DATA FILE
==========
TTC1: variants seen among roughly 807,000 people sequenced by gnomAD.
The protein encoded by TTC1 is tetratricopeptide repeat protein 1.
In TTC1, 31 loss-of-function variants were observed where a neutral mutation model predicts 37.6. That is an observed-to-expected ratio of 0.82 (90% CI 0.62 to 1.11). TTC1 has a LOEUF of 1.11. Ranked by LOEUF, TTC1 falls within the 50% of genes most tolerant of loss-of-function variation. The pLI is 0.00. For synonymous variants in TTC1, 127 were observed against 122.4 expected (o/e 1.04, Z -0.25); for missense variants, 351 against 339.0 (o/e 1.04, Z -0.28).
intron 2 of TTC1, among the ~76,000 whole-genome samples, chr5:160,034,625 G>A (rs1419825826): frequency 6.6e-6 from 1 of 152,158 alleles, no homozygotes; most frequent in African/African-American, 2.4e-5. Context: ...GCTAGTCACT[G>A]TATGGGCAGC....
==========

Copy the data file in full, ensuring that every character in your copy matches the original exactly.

TTC1: variants seen among roughly 807,000 people sequenced by gnomAD.
The protein encoded by TTC1 is tetratricopeptide repeat protein 1.
In TTC1, 31 loss-of-function variants were observed where a neutral mutation model predicts 37.6. That is an observed-to-expected ratio of 0.82 (90% CI 0.62 to 1.11). TTC1 has a LOEUF of 1.11. Ranked by LOEUF, TTC1 falls within the 50% of genes most tolerant of loss-of-function variation. The pLI is 0.00. For synonymous variants in TTC1, 127 were observed against 122.4 expected (o/e 1.04, Z -0.25); for missense variants, 351 against 339.0 (o/e 1.04, Z -0.28).
intron 2 of TTC1, among the ~76,000 whole-genome samples, chr5:160,034,625 G>A (rs1419825826): frequency 6.6e-6 from 1 of 152,158 alleles, no homozygotes; most frequent in African/African-American, 2.4e-5. Context: ...GCTAGTCACT[G>A]TATGGGCAGC....